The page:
D. Nuclear, Biological, and Chemical Defense
Contamination avoidance is the highest priority of the DOD chemical and biological (CB) defense program. The program also includes force protection (individual and collective) medical (see Subsection II.P of this Annex) and decontamination. The past two years have been marked by growing interest in, and rapid advances in and proliferation of biosensing technology for environmental, industrial, and medical applications. While these technologies are dual-use in nature, the growing threat of CB weapons of mass destruction has focused continued attention on development of operational sensors to meet military requirements. Table E.II-3 below indicates areas of capability and trends. The UK, France, Germany, and Japan, all have strong capabilities in sensors, with France having particular strengths in remote sensing. Germany and Israel have strengths in individual and collective protection with Germany identified as particularly capable in collective protection for military vehicles.
Reliable detection of BW agents is particularly difficult, due to the high background and diversity of naturally occurring organisms. Canada, the U.K., and the U.S. participate in ITF24 which oversees cooperation in this area. Other countries, including Israel, the Netherlands, Sweden, Switzerland, and Russia, have significant work in various methods of biodetection. Singapore has, in recent years, made a significant national investment in a world class facility, and may offer future capabilities in sensors and materials for personnel protection and decontamination.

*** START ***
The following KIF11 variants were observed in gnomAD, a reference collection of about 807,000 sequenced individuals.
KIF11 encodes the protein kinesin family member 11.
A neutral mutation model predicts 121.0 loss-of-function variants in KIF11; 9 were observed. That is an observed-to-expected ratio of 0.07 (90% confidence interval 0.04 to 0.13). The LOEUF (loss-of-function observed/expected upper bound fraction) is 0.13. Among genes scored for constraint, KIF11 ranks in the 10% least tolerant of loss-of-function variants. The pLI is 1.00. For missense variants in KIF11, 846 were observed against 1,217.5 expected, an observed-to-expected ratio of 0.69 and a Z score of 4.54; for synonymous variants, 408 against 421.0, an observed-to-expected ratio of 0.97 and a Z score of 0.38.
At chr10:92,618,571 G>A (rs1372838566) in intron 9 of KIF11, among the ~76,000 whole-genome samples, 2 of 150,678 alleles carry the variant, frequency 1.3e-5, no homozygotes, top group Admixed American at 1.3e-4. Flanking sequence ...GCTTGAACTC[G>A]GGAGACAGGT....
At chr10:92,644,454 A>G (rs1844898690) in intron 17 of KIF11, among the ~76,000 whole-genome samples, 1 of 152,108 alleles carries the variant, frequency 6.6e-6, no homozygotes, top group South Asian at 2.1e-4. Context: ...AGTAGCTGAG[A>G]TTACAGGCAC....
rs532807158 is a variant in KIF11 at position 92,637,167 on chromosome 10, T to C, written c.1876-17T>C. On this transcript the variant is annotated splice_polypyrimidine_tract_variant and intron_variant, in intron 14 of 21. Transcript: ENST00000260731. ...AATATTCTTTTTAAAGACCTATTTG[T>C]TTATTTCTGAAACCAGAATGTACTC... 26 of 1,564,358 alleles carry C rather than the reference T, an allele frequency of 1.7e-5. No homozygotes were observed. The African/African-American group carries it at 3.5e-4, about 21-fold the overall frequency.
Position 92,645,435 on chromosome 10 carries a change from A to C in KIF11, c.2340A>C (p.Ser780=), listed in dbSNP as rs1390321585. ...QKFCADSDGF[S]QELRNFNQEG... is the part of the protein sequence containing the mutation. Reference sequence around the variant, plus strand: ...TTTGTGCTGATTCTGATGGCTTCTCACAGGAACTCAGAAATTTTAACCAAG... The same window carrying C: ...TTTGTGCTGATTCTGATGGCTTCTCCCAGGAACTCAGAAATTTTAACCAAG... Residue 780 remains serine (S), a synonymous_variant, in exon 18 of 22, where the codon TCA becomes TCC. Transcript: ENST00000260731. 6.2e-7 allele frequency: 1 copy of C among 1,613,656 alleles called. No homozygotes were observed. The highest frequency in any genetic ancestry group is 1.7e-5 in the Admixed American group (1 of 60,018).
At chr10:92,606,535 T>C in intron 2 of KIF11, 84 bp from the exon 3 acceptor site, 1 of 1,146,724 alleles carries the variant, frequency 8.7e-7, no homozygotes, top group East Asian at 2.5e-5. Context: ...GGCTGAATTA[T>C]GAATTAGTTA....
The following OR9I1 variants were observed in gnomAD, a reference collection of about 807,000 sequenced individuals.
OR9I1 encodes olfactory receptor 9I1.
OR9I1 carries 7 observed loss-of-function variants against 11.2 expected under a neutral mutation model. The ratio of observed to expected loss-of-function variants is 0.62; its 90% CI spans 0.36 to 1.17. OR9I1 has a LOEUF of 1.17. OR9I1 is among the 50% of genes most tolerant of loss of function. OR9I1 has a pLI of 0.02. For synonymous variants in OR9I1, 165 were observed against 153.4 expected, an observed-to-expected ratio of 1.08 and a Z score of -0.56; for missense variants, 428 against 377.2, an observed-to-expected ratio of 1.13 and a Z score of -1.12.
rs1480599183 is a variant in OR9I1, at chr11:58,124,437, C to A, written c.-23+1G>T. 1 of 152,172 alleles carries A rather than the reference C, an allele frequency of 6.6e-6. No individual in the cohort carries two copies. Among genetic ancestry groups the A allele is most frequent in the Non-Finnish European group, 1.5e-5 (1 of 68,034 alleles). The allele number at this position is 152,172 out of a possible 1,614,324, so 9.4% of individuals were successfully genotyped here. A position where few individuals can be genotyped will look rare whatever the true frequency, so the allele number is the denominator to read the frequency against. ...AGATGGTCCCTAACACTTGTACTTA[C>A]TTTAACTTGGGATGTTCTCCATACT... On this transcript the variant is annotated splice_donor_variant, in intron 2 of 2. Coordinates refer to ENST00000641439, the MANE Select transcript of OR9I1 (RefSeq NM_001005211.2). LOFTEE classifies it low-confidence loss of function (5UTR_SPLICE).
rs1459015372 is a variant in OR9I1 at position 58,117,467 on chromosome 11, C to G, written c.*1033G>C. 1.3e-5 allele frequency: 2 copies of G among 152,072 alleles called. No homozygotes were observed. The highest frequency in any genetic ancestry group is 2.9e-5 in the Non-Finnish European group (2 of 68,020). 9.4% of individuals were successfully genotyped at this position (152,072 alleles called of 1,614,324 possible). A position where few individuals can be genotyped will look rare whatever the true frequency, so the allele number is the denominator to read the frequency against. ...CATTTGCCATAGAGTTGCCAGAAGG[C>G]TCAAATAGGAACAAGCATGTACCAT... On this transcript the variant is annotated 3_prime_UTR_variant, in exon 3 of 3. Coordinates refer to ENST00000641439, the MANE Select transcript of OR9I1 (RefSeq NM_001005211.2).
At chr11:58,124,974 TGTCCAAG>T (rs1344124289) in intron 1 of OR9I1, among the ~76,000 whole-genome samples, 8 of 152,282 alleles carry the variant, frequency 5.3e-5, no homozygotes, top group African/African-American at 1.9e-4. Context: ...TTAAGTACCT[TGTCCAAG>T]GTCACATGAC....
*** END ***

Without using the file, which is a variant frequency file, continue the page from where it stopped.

Modeling and simulation capabilities relate to, and parallel, capabilities in meteorology and prediction of atmospheric transport effects, and sensor performance modeling.
Remote and real-time point detection of CB agents are prominently identified in the Joint Warfighting S&T Plan (JWSTP), as are models and simulations to support processing and dissemination of real-time warning and reporting data. The ASTMP Chapter IV.E includes milestones for these, and identifies additional requirements for individual and collective protection and decontamination. The table below summarizes potential prospects.
Table E.II-3. Nuclear, Biological, and Chemical Defense
|D. NUCLEAR, BIOLOGICAL AND CHEMICAL DEFENSE||UNITED KINGDOM||FRANCE||GERMANY||OTHER COUNTRIES||JAPAN||PACIFIC RIM||FSU|
|ELECTROMAGNETIC (EME) ENVIRONMENT SURVIVABILITY||Propagation and EMP effects||Propagation and EMP effects||Propagation and EMP effects||Israel Propagation
India Propagation and HEMP
Russia EMP effects
|RADIATION, BLAST, AND THERMAL PROTECTION||All aspects||Blast and Thermal||All Aspects||Israel
|DETECTION||Chemical agent point sensors||CBW agent point and remote sensing||Detection systems||Canada Detection systems
Switzerland Detection sensors
|Singapore||Russia BW detection sensors|
|COLLECTIVE PROTECTION||Vehicle systems||Israel||Russia|
|MODELING AND SIMULATION||Canada
Israel Atmospheric transport effects
The following highlight specific areas where existing or near-term pending agreements offer significant opportunities for advances in each of these areas.